Georgia’s gubernatorial race is another contentious battle. Republican Brain Kemp has a two-point lead, but Democrat Stacey Abrams refuses to concede. She bizarrely talks of a “do-over” when it comes to this race (via The Hill):
Democratic candidate Stacey Abrams offered no signs she plans to concede in the Georgia gubernatorial race during a speech in the early morning hours of Wednesday.
"I want to say this: if I wasn’t your first choice or if you made no choice at all, you’re gonna have a chance to do a do-over," Abrams said during the speech to supporters, alluding to a potential recount.
"Votes remain to be counted, there are voices that remain to be heard," she said. "We believe our chance for a stronger Georgia is within reach."
Abrams's remarks came shortly after her campaign manager Lauren Groh-Wargo said her campaign believes there are outstanding votes in Democratic areas as well as provisional and absentee ballots that could lead to her victory, Talking Points memo reported.
Georgia Secretary of State Brian Kemp (R) led Abrams 51 to 48 percent with 97 percent of precincts reporting when Abrams made her speech.
Abrams seems to be hoping for either a runoff or recount. Under Georgia law, if a candidate fails to clinch over 50 percent, it triggers a runoff that will be held on December 4. Obviously, they want the latter. It’s now about those provisional ballots (via NBC News):
Democratic gubernatorial candidate Stacey Abrams' campaign disputed on Saturday her opponent Brian Kemp's claims that there are not enough outstanding provisional ballots for Georgia's governors seat to trigger a recount or runoff election.
Abram's campaign said their findings show a total of 26,846 provisional ballots are uncounted as of Saturday morning. Meanwhile, Kemp's campaign said 21,190 provisional ballots are still outstanding.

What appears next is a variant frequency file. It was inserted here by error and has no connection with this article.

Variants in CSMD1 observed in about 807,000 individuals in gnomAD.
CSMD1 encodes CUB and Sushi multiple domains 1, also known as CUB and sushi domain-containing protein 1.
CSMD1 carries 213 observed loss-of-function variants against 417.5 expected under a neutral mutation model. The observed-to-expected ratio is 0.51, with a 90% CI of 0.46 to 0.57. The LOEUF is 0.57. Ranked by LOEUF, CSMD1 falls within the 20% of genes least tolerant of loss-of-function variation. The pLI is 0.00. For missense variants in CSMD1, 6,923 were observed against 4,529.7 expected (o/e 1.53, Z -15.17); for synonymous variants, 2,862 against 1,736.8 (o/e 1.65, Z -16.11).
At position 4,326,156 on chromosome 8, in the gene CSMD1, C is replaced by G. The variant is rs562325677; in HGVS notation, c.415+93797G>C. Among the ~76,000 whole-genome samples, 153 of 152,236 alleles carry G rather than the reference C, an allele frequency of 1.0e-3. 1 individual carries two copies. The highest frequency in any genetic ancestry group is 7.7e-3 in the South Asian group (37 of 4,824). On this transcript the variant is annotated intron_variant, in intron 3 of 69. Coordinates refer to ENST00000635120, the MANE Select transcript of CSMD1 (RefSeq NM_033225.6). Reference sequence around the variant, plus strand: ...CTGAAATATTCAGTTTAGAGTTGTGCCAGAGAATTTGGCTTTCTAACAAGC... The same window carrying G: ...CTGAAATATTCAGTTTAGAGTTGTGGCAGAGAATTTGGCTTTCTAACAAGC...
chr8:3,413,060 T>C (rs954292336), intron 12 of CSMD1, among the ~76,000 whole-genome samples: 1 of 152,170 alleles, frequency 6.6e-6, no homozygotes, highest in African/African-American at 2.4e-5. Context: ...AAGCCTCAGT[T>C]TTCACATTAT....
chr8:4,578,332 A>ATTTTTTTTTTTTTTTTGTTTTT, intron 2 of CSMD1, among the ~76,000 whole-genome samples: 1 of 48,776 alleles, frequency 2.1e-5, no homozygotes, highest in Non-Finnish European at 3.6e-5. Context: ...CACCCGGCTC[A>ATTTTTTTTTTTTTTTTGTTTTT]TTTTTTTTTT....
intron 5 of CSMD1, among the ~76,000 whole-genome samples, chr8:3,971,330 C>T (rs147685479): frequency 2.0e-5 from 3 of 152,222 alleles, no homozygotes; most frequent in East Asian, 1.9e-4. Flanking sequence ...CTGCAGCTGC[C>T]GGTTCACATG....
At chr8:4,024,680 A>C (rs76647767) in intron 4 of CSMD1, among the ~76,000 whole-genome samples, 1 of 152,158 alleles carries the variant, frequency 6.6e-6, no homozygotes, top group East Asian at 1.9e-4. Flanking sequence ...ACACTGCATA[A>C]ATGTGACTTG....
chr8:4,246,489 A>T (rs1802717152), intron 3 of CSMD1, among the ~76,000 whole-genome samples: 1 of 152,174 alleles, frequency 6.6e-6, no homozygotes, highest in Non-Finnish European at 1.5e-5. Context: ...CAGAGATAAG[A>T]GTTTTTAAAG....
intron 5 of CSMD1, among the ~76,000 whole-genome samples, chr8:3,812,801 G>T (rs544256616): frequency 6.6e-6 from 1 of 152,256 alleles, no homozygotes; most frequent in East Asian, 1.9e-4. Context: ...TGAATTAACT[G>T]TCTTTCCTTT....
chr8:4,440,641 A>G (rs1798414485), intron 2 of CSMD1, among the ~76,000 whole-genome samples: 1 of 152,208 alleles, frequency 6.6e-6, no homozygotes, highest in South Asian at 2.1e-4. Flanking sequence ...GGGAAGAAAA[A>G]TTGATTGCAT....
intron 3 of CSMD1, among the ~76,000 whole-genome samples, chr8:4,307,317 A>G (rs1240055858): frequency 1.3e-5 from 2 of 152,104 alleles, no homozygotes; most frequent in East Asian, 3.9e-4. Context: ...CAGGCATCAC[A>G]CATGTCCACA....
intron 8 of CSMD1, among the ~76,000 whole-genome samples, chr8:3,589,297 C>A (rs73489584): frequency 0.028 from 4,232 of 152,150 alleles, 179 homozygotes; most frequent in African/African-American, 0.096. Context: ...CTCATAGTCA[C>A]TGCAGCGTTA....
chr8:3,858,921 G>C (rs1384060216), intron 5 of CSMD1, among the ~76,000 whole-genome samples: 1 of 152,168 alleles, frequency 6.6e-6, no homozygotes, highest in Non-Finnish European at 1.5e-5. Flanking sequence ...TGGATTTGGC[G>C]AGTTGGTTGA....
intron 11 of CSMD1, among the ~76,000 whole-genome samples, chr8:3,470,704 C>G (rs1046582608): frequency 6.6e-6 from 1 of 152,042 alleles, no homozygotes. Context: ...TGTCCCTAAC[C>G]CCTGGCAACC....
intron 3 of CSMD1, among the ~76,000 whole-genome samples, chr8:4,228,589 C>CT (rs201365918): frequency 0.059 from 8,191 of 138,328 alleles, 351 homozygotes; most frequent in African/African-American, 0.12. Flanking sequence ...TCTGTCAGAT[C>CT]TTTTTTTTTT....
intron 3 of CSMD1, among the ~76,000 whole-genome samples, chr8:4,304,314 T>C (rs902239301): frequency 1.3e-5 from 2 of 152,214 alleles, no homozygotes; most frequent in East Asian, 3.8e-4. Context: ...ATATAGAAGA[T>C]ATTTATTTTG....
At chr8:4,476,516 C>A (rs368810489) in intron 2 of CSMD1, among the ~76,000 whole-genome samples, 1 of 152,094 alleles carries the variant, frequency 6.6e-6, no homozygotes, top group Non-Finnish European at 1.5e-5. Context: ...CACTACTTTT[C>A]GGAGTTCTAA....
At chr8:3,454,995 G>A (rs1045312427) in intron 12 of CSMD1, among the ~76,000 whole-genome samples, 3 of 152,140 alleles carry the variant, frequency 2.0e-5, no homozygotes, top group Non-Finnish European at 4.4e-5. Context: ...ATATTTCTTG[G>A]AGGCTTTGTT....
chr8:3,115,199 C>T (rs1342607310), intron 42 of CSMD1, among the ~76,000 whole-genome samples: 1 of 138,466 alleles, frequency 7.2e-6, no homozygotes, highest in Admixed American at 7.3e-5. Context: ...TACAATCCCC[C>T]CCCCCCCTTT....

If Abrams is able to gain slightly more than 23,700 votes on Kemp, the race is pushed into a mandatory recount. If she can gain about 25,600, it is forced into a runoff. The Democrat is hoping that once all the votes are accounted for, her opponent's vote share drops below the critical 50 percent threshold, which would trigger a runoff election on Dec. 4.
Kemp said Thursday that even if Abrams received "100 percent" of the remaining provisional ballots, he would still come out on top.
Abrams' campaign lawyers filed a lawsuit Thursday over absentee ballots in the state's Dougherty County.
Groh-Wargo said Kemp owes the people of Georgia "an explanation" for why accurate and complete information was not being provided. "We need to see lists, we need to see names, we need to see counts of every vote," she said, later adding that the campaign would not stop pressing forward "until we are confident that every vote has been counted."
U.S. District Judge W. Louis Sands said that the county must accept all absentee ballots received by Friday and will not certify the results of the election until Tuesday, according to the Atlanta Journal-Constitution.
And now we have surprise ballots that Democrats say put them within reach of sinking Kemp (via Washington Examiner):
The Democratic Party of Georgia tweeted Saturday evening that a "handful" of Georgia counties reported thousands of "new" absentee, early, and Election Day votes not accounted for by Republican candidate Brian Kemp.
The latest vote tally on the Georgia secretary of state's website shows Kemp leading by more than a percentage point. Kemp had 1,975,806 votes to Abrams' 1,916,931 -- a margin of 58,875 votes -- leading 50.28 percent to Abrams' 48.78 percent. The Libertarian candidate, Ted Metz, had a mere 37,149 votes and 0.95 percent of the vote.
Yeah, I’ll let you debate among yourselves about all of these “new” ballots keep popping up.
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